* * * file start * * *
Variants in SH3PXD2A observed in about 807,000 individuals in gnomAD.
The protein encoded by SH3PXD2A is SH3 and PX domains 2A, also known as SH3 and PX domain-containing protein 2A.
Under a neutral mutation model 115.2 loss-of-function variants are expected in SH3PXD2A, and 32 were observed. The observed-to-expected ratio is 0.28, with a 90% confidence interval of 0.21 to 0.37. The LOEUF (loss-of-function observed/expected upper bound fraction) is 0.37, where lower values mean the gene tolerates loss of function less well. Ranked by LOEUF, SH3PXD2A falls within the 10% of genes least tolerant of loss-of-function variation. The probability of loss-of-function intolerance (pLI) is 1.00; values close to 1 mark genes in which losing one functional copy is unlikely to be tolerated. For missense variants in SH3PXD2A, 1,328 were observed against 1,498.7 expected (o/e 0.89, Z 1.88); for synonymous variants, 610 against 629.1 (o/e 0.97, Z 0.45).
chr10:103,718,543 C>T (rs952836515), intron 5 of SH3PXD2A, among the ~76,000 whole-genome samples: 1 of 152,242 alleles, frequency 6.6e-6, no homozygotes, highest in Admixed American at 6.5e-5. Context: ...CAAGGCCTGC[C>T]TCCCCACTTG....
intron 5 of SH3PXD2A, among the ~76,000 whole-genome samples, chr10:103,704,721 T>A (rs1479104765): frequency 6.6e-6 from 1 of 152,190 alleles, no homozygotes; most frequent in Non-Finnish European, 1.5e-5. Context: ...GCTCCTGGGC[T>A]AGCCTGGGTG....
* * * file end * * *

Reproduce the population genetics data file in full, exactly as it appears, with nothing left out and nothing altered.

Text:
Variants in SH3PXD2A observed in about 807,000 individuals in gnomAD.
The protein encoded by SH3PXD2A is SH3 and PX domains 2A, also known as SH3 and PX domain-containing protein 2A.
Under a neutral mutation model 115.2 loss-of-function variants are expected in SH3PXD2A, and 32 were observed. The observed-to-expected ratio is 0.28, with a 90% confidence interval of 0.21 to 0.37. The LOEUF (loss-of-function observed/expected upper bound fraction) is 0.37, where lower values mean the gene tolerates loss of function less well. Ranked by LOEUF, SH3PXD2A falls within the 10% of genes least tolerant of loss-of-function variation. The probability of loss-of-function intolerance (pLI) is 1.00; values close to 1 mark genes in which losing one functional copy is unlikely to be tolerated. For missense variants in SH3PXD2A, 1,328 were observed against 1,498.7 expected (o/e 0.89, Z 1.88); for synonymous variants, 610 against 629.1 (o/e 0.97, Z 0.45).
chr10:103,718,543 C>T (rs952836515), intron 5 of SH3PXD2A, among the ~76,000 whole-genome samples: 1 of 152,242 alleles, frequency 6.6e-6, no homozygotes, highest in Admixed American at 6.5e-5. Context: ...CAAGGCCTGC[C>T]TCCCCACTTG....
intron 5 of SH3PXD2A, among the ~76,000 whole-genome samples, chr10:103,704,721 T>A (rs1479104765): frequency 6.6e-6 from 1 of 152,190 alleles, no homozygotes; most frequent in Non-Finnish European, 1.5e-5. Context: ...GCTCCTGGGC[T>A]AGCCTGGGTG....